The Ministry of Labor is acting like a rent-seeking corporation by immediately sending its feelers out toward Myanmar and Vietnam following Indonesia’s recent announcement that it plans to stop allowing its citizens to work abroad as domestic helpers by 2017.
It should instead aim to protect migrant workers in the domestic sector. The lack of a viable set of regulations and legal framework has made the group of about 221,000 people vulnerable to exploitation.
According to the ministry, the government is planning to reverse the ban imposed a decade ago on Vietnamese maritime workers and domestic helpers in June at the earliest, and to add Myanmar to the list of countries migrant workers may be sourced from, in addition to the four main source countries: Thailand, the Philippines, Vietnam and Indonesia.
As Indonesians now form the biggest group of migrant workers in Taiwan — accounting for 40 percent of its migrant labor force of about 540,000 — 221,000 people — among whom about 173,000 work as domestic helpers or caretakers in nursing institutions — Jakarta’s decision was said to be a “disaster” for Taiwan, as it would cause a labor shortage.
This shows how heavily Taiwan relies on migrant workers to maintain its competitiveness in the international market, to achieve infrastructure development and economic progress and to take care of its senior citizens in the absence of long-term care facilities since the nation opened up its job market to migrant workers in 1989.
Taiwan would not have become what it is today without the contribution of migrant workers. However, while society as a whole is better off, exploitation of migrant workers continues unabated.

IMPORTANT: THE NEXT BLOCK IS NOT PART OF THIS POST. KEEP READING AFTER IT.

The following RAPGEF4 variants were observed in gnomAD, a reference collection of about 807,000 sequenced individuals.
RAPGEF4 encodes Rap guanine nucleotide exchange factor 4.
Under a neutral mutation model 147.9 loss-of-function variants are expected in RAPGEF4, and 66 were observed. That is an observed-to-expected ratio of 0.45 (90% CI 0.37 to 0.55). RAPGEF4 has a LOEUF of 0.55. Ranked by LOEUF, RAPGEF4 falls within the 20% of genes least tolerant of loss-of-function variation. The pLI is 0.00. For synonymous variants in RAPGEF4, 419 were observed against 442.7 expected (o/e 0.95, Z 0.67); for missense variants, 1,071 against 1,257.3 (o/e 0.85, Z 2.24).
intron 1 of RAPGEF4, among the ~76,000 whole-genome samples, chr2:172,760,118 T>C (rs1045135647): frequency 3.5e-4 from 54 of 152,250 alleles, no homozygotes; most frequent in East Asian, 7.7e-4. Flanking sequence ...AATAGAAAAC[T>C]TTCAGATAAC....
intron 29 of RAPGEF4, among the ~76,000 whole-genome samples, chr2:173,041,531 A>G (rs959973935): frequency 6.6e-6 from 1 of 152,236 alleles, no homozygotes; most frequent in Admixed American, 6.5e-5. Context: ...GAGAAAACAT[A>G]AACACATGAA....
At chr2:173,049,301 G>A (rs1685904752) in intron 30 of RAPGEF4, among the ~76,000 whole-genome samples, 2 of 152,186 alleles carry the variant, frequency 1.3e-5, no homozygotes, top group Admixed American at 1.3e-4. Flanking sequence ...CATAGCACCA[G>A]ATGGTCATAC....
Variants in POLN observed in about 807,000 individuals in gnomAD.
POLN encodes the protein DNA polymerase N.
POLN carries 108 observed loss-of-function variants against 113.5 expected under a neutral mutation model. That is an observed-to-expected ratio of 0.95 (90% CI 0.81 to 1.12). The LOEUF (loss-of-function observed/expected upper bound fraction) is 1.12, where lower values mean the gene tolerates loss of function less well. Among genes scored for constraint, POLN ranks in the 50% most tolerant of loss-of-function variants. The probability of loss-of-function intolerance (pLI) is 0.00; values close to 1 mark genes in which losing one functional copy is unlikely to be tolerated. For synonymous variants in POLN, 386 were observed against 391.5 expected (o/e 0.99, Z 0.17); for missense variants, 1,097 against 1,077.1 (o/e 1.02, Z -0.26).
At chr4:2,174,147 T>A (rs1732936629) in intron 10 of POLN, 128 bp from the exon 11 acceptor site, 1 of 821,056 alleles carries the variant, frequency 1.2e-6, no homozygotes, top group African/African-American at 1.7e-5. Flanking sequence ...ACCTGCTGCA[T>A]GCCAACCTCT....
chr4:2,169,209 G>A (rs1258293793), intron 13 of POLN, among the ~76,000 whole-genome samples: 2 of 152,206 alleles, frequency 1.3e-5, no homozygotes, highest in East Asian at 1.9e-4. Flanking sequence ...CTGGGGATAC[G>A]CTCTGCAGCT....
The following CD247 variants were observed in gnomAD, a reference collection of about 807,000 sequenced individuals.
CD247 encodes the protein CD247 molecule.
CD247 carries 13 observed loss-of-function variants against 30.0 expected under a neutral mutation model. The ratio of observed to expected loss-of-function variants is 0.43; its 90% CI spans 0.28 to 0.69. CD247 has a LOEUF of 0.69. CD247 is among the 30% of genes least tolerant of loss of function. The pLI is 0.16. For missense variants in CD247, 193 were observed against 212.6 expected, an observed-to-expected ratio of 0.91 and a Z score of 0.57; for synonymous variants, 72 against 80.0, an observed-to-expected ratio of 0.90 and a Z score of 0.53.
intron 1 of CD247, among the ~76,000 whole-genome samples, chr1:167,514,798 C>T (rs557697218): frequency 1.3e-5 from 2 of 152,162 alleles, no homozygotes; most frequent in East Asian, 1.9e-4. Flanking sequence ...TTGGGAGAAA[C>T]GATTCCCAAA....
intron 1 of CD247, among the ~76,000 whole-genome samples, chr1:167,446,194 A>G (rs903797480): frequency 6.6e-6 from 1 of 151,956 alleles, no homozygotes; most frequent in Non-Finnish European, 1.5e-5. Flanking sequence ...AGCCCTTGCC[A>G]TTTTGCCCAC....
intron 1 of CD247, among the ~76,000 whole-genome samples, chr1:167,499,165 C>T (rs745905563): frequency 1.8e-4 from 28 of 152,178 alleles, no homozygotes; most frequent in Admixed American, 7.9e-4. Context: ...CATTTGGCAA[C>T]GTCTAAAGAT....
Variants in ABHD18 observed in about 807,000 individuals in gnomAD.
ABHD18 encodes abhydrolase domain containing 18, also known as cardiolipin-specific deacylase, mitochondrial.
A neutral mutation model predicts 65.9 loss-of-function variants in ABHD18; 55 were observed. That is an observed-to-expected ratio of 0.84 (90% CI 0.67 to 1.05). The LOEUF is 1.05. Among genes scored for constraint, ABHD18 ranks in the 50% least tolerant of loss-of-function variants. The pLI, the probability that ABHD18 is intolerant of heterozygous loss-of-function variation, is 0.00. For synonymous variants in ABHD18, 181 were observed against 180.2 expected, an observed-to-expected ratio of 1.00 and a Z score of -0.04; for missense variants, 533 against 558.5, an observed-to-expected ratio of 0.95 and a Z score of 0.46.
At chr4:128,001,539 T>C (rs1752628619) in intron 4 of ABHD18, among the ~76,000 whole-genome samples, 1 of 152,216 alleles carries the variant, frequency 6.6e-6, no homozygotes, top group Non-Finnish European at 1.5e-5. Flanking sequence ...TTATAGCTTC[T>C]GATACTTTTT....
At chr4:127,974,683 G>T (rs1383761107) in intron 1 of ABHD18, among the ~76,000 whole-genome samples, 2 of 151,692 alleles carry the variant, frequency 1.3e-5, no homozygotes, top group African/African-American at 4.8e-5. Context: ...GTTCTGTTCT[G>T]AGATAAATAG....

As documented in various reports, hardship endured by migrant workers in Taiwan includes exorbitant broker charges, confiscation of travel documents by employers, low wages, long working hours without regular days off or vacations, denial of retirement pensions, discrimination and disrespect for their cultural identities and practices. Workers are even at risk of sexual violence and harassment.
Although Taiwan is not the only nation Indonesia has said mistreats its citizens who work abroad, its repeated demands that Taiwan take action to improve conditions for migrant workers have gone unanswered, with the last round of negotiations held last year ending without results.
Among the proposals under debate were increasing the salary for migrant domestic workers and caregivers from about NT$15,840 to the nation’s minimum wage, then NT$19,047, and adopting a new measure that would require potential Taiwanese employers to have an interview with the Indonesian representative office in Taipei to prove that they are hiring Indonesian workers directly. This measure would be aimed at preventing brokers from burdening migrant workers with exorbitant recruitment fees.
The ministry’s decision to look to Myanmar and Vietnam to fill the expected gap from 2017, and disregard concerns voiced by the Indonesian government over the exploitative work environment for migrant workers, has drawn criticism from labor groups.
In response, the ministry said that for domestic workers, working conditions are decided by employers and employees given that they are not covered by the Labor Standards Act (勞動基準法).
This suggests that the ministry fails to see the need to exercise authority and provide legal protection for domestic workers, and explains why the 221,000 domestic workers remain without legal protection.
Empirical studies show that in the age of globalized capital, the rent-seeking behavior of multinational corporations causes global income inequality.
As a responsible global stakeholder, the government should implement measures to control rent-seeking practices. It should revamp the nation’s policy toward migrant workers, rather than emulating bad practices and landing the nation a bad reputation.
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